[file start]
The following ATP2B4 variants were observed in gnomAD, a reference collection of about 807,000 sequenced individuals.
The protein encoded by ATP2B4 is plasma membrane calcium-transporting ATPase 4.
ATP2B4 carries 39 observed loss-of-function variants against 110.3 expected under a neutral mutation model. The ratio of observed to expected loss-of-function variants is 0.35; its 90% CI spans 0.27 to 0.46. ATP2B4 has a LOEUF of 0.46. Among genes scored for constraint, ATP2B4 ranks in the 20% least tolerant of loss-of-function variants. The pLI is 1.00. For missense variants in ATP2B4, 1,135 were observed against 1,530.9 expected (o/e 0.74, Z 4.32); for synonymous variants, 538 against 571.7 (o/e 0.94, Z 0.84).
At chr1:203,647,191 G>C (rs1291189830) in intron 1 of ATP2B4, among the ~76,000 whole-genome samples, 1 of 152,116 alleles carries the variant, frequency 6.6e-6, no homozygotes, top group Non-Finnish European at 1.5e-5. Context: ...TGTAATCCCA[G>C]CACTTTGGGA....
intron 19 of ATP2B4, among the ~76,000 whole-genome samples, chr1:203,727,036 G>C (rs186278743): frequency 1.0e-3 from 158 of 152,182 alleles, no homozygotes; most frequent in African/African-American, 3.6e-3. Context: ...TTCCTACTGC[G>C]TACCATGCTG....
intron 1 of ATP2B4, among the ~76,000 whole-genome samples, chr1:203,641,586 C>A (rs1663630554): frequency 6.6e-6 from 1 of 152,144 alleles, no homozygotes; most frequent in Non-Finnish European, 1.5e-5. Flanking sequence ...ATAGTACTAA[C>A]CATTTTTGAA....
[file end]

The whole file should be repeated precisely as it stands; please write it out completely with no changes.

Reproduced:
The following ATP2B4 variants were observed in gnomAD, a reference collection of about 807,000 sequenced individuals.
The protein encoded by ATP2B4 is plasma membrane calcium-transporting ATPase 4.
ATP2B4 carries 39 observed loss-of-function variants against 110.3 expected under a neutral mutation model. The ratio of observed to expected loss-of-function variants is 0.35; its 90% CI spans 0.27 to 0.46. ATP2B4 has a LOEUF of 0.46. Among genes scored for constraint, ATP2B4 ranks in the 20% least tolerant of loss-of-function variants. The pLI is 1.00. For missense variants in ATP2B4, 1,135 were observed against 1,530.9 expected (o/e 0.74, Z 4.32); for synonymous variants, 538 against 571.7 (o/e 0.94, Z 0.84).
At chr1:203,647,191 G>C (rs1291189830) in intron 1 of ATP2B4, among the ~76,000 whole-genome samples, 1 of 152,116 alleles carries the variant, frequency 6.6e-6, no homozygotes, top group Non-Finnish European at 1.5e-5. Context: ...TGTAATCCCA[G>C]CACTTTGGGA....
intron 19 of ATP2B4, among the ~76,000 whole-genome samples, chr1:203,727,036 G>C (rs186278743): frequency 1.0e-3 from 158 of 152,182 alleles, no homozygotes; most frequent in African/African-American, 3.6e-3. Context: ...TTCCTACTGC[G>C]TACCATGCTG....
intron 1 of ATP2B4, among the ~76,000 whole-genome samples, chr1:203,641,586 C>A (rs1663630554): frequency 6.6e-6 from 1 of 152,144 alleles, no homozygotes; most frequent in Non-Finnish European, 1.5e-5. Flanking sequence ...ATAGTACTAA[C>A]CATTTTTGAA....